Yes, I’m very much on board with Ross replacing Fister in the rotation once Stras comes back. Ross should get one more Stras-slot start, meaning that Fister would probably have one more opportunity after that. MW’s willingness to bench Werth last night in favor of Robinson gives me hope that he’ll be quicker with the hook for other defective parts. Time to give Espi some ABs at SS, too, although Espi hasn’t been going too well recently, either.

    In the glass half full department, Rendon is making regular, solid contact, and RZim has two HRs in three games. If those two regain reasonable form in short order, the top of the lineup will quickly look a lot better. I have much less hope for Werth, though.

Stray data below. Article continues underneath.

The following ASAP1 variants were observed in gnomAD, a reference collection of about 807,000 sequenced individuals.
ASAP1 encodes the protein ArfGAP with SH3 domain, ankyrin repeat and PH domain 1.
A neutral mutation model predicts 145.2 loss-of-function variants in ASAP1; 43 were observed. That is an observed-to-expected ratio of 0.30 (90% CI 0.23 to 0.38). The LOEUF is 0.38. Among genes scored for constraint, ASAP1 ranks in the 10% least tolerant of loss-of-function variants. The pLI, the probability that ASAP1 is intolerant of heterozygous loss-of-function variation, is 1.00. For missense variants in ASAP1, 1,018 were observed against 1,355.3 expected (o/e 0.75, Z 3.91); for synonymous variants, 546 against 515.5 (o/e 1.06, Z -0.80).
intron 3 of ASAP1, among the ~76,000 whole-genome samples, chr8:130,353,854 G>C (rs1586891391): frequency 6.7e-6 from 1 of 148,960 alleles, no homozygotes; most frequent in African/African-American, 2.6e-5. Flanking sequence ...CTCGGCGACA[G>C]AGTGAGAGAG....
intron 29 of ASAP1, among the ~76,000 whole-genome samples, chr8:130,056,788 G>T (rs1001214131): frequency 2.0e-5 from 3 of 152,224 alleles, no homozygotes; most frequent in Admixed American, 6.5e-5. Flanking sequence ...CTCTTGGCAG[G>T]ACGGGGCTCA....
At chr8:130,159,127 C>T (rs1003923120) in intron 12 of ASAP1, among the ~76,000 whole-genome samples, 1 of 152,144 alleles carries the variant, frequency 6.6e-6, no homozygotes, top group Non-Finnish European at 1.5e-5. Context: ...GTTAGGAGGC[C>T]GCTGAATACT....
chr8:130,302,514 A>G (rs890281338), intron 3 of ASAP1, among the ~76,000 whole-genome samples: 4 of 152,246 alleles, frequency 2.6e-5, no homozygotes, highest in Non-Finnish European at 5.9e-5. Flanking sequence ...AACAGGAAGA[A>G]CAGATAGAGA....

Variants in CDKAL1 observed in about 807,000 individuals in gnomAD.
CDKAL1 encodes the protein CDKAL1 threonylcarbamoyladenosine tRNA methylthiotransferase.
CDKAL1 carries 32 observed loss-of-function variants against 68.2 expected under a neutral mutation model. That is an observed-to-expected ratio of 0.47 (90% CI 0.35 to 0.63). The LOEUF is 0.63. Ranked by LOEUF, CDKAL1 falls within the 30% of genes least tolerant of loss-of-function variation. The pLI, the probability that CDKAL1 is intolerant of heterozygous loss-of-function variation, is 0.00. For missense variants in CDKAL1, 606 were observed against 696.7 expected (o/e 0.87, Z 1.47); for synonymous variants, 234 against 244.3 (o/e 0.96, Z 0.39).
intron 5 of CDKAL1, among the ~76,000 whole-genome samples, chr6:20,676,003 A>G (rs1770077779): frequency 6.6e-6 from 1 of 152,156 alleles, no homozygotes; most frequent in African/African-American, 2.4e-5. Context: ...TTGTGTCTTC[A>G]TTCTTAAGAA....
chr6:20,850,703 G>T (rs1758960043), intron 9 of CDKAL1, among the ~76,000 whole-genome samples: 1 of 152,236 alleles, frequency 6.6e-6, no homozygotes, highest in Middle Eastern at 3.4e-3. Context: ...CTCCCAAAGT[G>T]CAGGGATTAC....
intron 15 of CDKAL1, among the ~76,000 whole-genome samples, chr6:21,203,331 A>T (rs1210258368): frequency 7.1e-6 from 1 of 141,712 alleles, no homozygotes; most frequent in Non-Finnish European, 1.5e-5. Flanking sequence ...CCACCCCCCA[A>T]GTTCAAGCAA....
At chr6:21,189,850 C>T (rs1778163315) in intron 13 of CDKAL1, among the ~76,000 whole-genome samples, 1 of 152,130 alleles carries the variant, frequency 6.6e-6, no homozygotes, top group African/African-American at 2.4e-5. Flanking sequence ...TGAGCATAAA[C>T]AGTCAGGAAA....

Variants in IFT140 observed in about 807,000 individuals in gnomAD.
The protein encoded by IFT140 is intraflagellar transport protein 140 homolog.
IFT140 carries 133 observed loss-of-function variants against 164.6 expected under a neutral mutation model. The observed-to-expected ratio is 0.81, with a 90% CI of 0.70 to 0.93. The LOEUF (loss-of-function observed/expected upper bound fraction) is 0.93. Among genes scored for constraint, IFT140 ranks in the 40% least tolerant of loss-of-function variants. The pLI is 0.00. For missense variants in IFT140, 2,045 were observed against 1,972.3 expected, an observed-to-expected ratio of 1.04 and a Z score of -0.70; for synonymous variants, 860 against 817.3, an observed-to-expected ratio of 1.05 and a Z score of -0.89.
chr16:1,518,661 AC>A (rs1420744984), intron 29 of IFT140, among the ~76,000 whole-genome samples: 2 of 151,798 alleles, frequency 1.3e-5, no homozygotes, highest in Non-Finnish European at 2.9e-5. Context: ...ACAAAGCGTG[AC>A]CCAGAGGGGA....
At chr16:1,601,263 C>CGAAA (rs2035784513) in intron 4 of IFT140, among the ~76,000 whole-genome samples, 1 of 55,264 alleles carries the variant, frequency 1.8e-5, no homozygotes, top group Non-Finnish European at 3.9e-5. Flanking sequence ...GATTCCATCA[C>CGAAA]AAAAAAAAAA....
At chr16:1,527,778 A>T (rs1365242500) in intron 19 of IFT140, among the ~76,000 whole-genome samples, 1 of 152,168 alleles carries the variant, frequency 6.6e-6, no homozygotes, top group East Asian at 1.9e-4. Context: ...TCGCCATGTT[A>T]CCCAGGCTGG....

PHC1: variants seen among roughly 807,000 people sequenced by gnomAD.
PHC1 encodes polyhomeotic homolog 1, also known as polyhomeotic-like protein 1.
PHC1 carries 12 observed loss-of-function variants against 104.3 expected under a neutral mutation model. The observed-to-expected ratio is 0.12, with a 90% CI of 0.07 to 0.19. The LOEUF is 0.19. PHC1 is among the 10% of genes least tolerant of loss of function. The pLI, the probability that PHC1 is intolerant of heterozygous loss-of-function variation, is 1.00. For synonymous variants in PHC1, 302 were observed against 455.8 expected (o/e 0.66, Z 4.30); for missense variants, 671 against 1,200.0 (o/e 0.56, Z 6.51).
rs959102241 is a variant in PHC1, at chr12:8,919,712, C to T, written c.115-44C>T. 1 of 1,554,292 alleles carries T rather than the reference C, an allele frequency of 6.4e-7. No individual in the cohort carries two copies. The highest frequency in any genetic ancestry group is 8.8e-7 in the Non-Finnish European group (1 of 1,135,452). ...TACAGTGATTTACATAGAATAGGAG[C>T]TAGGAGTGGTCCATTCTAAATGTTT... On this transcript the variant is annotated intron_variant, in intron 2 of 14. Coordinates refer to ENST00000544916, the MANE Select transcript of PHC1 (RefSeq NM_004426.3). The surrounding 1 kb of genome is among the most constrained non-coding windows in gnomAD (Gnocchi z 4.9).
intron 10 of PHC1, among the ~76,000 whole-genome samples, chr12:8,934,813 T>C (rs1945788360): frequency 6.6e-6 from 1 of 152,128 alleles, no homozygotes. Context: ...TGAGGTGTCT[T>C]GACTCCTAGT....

KW

    4 Aug 15 at 9:54 am

  16. Williams’ usage of Storen is starting to remind me of … the idiotic usage of Storen in the 2012 NLDS. Johnson throws Storen in game one, then inexplicably throws him in an 8-0 loss in game 3. Which meant that he was throwing in his third straight game (which he never does) in the critical game 5 loss.

    If Storen “needed work” he should have thrown in a game that meant something, not a blow out loss. Stupid, stupid.

    Todd Boss

    4 Aug 15 at 10:52 am

  17. A hot Scherzer should be worth two wins in a short series. And you would have to think that either Strasburg or Zimmermann would be able to give us at least a third win, no matter who the opponent.

    That is unless your idiot manager yanks you with one out to go since his little strat-o-matic “How to be a MLB Manager” card says that you have to bring in your “proven closer” in a “save situation” because that’s “what you do” in the bigs.

    Todd Boss

    4 Aug 15 at 10:54 am

Leave a Reply